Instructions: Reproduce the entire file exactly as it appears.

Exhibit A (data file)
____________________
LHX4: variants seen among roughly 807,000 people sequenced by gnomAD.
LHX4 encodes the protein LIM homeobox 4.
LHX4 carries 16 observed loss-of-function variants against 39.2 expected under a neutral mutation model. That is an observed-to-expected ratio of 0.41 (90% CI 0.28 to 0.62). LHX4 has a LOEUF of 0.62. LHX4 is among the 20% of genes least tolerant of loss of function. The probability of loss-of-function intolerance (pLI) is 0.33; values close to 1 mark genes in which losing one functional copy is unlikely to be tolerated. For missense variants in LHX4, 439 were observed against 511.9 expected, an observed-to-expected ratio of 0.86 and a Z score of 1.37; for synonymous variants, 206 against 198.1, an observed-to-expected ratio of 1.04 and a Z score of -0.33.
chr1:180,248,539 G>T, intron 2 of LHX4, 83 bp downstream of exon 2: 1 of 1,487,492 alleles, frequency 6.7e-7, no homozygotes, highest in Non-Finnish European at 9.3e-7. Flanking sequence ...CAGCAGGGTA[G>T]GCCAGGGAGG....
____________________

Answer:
LHX4: variants seen among roughly 807,000 people sequenced by gnomAD.
LHX4 encodes the protein LIM homeobox 4.
LHX4 carries 16 observed loss-of-function variants against 39.2 expected under a neutral mutation model. That is an observed-to-expected ratio of 0.41 (90% CI 0.28 to 0.62). LHX4 has a LOEUF of 0.62. LHX4 is among the 20% of genes least tolerant of loss of function. The probability of loss-of-function intolerance (pLI) is 0.33; values close to 1 mark genes in which losing one functional copy is unlikely to be tolerated. For missense variants in LHX4, 439 were observed against 511.9 expected, an observed-to-expected ratio of 0.86 and a Z score of 1.37; for synonymous variants, 206 against 198.1, an observed-to-expected ratio of 1.04 and a Z score of -0.33.
chr1:180,248,539 G>T, intron 2 of LHX4, 83 bp downstream of exon 2: 1 of 1,487,492 alleles, frequency 6.7e-7, no homozygotes, highest in Non-Finnish European at 9.3e-7. Flanking sequence ...CAGCAGGGTA[G>T]GCCAGGGAGG....